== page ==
On February 5th, 1981 more than 200 plainclothes police officers raided four Toronto bathhouses leading to the largest mass arrest since the October Crisis ten years earlier. In total, 289 gay men were charged with being “found-ins of a bawdyhouse” and two were charged with “buggery”.
Men speaking out in the aftermath of the raids described severe misconduct on the part of the police. Some reported being photographed naked, others said police took down their employers’ names and phone numbers and several men stated that police had referred to them as “queers, faggots and fairies”. Moreover, one man reported that several officers used sledgehammers and crowbars with abandon, smashing windows and breaking down doors. This last fact is corroborated by the $38,000 in damages reported by the four bathhouses after the raid (nearly $175,000 in 2020 dollars). In contrast, the police report stated that the officers behaved in a “professional manner.”
A documentary on the bathhouse raids and the ensuing protests quotes Duncan McLaren, one of the men who was charged as a found-in at the Barracks bathhouse.
McLaren describes his victimization by the police:
“We ended up in the shower room and we were all told to strip… But I think one of the most chilling things was… one of the cops said, looking at all the showers and the pipes going into the shower room; he said ‘Gee, it’s too bad we can’t hook this up to gas’.
The following evening, over 3000 members and supporters of Toronto’s gay community united to demonstrate against these raids. A second protest was held on Feb. 20 at Queen’s Park, with over 4000 people gathering to call for increased rights and protection for gays and lesbians in Canada. In the aftermath of the raids, the Toronto City Council commissioned an investigation into community relations between the police and the gay community.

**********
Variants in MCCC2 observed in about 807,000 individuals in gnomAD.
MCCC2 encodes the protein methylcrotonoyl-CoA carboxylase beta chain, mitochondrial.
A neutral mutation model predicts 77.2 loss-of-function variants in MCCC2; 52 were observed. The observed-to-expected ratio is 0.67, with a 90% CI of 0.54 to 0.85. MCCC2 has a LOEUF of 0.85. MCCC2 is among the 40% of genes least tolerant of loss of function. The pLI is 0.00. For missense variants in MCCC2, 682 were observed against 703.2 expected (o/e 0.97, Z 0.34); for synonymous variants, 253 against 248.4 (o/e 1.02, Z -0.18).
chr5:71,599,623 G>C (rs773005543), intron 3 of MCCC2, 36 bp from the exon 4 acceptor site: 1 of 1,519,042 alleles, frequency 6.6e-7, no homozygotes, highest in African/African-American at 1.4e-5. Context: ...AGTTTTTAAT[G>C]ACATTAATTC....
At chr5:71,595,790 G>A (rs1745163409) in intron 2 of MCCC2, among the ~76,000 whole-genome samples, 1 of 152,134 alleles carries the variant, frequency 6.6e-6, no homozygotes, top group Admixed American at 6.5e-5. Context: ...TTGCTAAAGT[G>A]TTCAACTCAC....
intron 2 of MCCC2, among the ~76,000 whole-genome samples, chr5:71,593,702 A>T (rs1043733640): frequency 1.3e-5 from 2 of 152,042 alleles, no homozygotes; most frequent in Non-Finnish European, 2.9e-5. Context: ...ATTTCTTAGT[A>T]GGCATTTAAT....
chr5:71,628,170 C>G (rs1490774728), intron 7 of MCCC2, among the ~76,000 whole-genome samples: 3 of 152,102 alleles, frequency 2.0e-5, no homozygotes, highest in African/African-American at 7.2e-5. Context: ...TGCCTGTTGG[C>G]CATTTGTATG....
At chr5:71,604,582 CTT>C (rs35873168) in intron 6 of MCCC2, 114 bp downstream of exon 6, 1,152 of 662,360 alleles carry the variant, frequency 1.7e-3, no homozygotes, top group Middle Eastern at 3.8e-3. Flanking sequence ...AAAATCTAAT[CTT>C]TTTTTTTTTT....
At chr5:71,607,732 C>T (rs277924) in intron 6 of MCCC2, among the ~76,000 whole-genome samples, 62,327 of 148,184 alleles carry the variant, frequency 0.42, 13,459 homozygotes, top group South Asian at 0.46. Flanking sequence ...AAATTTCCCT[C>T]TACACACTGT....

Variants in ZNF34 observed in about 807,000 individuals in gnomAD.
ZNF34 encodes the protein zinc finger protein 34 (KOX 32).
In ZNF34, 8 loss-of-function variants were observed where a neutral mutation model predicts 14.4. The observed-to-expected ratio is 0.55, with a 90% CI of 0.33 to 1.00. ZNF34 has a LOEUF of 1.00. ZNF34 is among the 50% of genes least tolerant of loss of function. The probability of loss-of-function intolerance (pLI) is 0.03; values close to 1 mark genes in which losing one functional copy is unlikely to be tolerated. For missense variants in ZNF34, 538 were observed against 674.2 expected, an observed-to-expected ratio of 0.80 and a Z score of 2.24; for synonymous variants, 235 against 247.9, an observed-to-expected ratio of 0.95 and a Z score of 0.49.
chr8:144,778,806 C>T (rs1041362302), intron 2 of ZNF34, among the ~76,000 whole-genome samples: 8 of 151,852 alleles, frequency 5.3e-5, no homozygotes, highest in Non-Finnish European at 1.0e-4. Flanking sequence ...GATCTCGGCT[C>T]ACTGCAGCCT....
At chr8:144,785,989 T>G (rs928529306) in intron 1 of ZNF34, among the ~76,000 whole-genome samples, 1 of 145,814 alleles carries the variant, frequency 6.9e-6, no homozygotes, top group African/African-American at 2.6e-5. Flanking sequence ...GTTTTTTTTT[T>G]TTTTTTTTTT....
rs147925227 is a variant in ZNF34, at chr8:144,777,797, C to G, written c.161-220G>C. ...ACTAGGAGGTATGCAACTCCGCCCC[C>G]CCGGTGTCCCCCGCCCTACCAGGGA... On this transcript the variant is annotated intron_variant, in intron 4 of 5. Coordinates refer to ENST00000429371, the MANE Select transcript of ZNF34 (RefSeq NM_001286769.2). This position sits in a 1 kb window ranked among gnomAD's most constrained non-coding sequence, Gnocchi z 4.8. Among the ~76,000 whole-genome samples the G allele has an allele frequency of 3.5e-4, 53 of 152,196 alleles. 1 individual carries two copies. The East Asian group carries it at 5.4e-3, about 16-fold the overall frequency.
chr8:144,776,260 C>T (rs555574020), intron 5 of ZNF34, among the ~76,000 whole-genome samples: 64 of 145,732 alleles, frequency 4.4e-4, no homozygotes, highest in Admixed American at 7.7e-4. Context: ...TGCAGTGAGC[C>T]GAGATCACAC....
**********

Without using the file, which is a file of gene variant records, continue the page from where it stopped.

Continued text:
The event marked a major turning point in the history of the gay and lesbian community in Canada; the raids and their aftermath are today widely considered to be the Canadian equivalent of the 1969 Stonewall riots in New York City. Mass protests and rallies were held denouncing the incident. These evolved into Toronto’s current Pride Week, which is now one of the world’s largest gay pride festivals.
Almost ALL the charges against those arrested were later dropped in court.
In June of 2016 speaking before Toronto Mayor John Tory and leaders within the gay community Toronto police chief Mark Saunders issued a long overdue apology for the bathhouse raids of 1981.
“The 35th anniversary of the 1981 raids is a time when the Toronto Police service expresses its regret for those very actions,” and called the raids “one of the largest mass arrests in Canadian history” and acknowledged the “destructiveness” of the police action.
“It is also an occasion to acknowledge the lessons learned about the risks of treating any part of Toronto’s many communities as not fully a part of society.”